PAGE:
Merge: Defi Giant Aave Halts Loaning Ether

The Aave community is worried that more users will borrow ether before the Merge, which could cause liquidity problems for the protocol and make the staked ether market on Lido more volatile.
Merge: Defi Giant Aave Halts Loaning Ether
Merge: Defi Giant Aave Halts Loaning Ether

Aave, a large decentralized lending platform, has put in place new rules to protect itself from a number of risks that could come from an increase in the number of crypto traders who want to borrow ether (ETH) to bet on the upcoming technological update to the Ethereum blockchain.

Between August 30 and September 2, the Aave community voted overwhelmingly to stop lending ether. This went against the free market principle of democratized finance, but it was done to reduce protocol-wide risks that could come from Ethereum’s upcoming “Merge” from a proof-of-work (PoW) consensus mechanism to a proof-of-stake (PoS) one. The update should happen between Sept. 13 and 15.

“Before the Ethereum Merge, there is a chance that the Aave protocol will be used a lot in the ETH market. “This risk of high usage will be reduced if ETH borrowing is put on hold for a while,” said the research firm Block Analitica’s proposal.

The use rate is the amount of the pool that has been loaned out. Users could borrow ETH before the Merge to get free money or the possible Ethereum fork token ETHPOW. This means that the rate is likely to go up.

Some Ethereum miners are against the planned switch to PoS and want to split the chain into a PoS chain and a PoW chain. A PoW chain’s native token would be ETHPOW, which would be given away for free to anyone with ETH.

A researcher at Binance.US named Ian Unsworth said that people are borrowing ETH from lending protocols, especially AAVE. Bobby Ong of CoinGecko said that if the trend keeps going, the already high rate of over 70% could go up to 100%.

Liquidations will be hard because of their high usage.

If the utilization rate goes up, it means that most of the ETH has been loaned out. This means that there isn’t much ETH left for liquidators to use as collateral for regular liquidations of ETH borrow-based positions.

“High utilization gets in the way of liquidation transactions, which makes it more likely that the protocol will go bankrupt,” Block Analytica said in the proposal.

Ian Solot, a partner at crypto hedge fund Tagus Capital, said that the borrowing suspension was a good idea, but that “part of the problem is that if markets become very volatile and ETH borrowers need to be liquidated, there may not be enough ETH because it is being used so much,” which would make it harder for liquidations to go through smoothly.

Liquidations are when positions have to be closed because the value of the collateral has gone down. Aave says that liquidations happen when a borrower’s health factor drops below 1 because the value of their collateral doesn’t cover the value of their loan or debt.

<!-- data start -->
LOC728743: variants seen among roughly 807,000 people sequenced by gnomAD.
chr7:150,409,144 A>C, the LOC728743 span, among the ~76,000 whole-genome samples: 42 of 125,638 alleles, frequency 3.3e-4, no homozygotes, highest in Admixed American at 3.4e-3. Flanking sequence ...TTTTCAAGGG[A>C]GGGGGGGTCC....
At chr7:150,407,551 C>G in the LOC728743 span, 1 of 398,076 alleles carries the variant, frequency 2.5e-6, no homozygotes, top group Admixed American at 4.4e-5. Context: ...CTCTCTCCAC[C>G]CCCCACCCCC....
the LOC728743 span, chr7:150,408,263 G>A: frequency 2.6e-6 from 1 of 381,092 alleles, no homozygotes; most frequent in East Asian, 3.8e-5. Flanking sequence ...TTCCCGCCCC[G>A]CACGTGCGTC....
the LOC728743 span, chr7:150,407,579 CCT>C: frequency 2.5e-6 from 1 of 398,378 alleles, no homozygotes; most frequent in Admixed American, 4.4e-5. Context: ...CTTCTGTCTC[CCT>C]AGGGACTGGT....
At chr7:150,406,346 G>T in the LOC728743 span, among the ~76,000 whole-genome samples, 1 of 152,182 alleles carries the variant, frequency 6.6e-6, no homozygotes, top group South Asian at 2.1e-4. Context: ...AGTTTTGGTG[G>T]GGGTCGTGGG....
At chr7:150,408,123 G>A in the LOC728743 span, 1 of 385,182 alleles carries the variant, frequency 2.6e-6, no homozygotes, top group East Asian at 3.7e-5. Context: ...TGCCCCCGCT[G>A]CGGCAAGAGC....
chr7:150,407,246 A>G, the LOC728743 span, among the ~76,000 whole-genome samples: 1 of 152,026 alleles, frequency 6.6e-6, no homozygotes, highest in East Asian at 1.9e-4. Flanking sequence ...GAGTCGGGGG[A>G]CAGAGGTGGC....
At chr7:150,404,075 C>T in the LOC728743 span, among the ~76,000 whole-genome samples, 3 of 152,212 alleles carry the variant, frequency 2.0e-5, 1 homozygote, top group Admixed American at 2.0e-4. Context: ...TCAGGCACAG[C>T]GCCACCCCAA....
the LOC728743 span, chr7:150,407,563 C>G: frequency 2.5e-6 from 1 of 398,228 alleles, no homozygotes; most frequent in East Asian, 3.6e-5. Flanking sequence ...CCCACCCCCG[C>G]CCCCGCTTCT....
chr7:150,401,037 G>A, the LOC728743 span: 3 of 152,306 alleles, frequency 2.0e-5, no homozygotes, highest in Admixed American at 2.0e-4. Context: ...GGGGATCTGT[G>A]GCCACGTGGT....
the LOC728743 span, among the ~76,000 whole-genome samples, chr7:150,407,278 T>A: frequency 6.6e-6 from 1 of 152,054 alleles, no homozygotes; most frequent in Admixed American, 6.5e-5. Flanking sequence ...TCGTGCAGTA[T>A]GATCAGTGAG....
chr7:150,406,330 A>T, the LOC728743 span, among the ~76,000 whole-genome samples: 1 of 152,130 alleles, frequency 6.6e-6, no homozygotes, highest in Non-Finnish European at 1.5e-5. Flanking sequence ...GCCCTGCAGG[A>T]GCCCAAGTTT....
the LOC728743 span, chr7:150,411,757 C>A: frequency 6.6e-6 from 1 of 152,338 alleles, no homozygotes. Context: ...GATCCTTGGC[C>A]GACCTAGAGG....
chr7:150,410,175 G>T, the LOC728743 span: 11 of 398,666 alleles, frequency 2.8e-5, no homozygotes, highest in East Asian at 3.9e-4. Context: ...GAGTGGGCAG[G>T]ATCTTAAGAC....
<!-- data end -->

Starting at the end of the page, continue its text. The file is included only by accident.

ETH-funded trades that go back and forth lose their appeal.

The rise in the use rate could make it so that the popular ETH-stETH recursive borrowing positions on Aave are no longer profitable. This could cause a lot of people to close their positions, which would make the stETH market more volatile.

In recursive trades, users send ETH to the liquid staking protocol Lido in exchange for the staked ether token (stETH), which is then used as collateral on Aave to borrow more ETH. This borrowed ETH is sent back to Lido to get more stETH, which is then sent back to AAVE as collateral to borrow more ETH. The cycle keeps going. This leveraged position, which is similar to carry trading, loses its appeal when the interest rate for borrowing ETH goes above the annualized reward for staking, which is 3.9% on Lido right now.

“Once the ETH borrow rate reaches 5%, which happens soon after the 70% utilization rate, stETH/ETH positions start losing money,” Block Analytica said in the Aave ETHPOW risk mitigation plan that came out last month. “This means that a lot of stETH would be redeemed for ETH, which would put pressure on the price of stETH, which is already going down because regular stETH holders are switching to ETH to profit from ETHPoW work.

“All of this can cause stETH’s price to go down in a spiral, which can lead to a chain of liquidations at Aave,” said Block Analytica.

According to a tweet by Binance.Unsworth, US’s the largest ETH borrower on AAVE and the two second-largest ETH borrowers both have stETH as collateral. At the time of publication, more than $900 million worth of stETH was locked on AAVE as collateral for people who wanted to borrow ETH.

Aave also runs the risk of liquidity providers for wrapped ether (wETH) pulling out coins to get ready for a possible Ethereum fork token called ETHPOW. Some people in the community aren’t sure if stopping people from borrowing ETH would help solve this possible problem.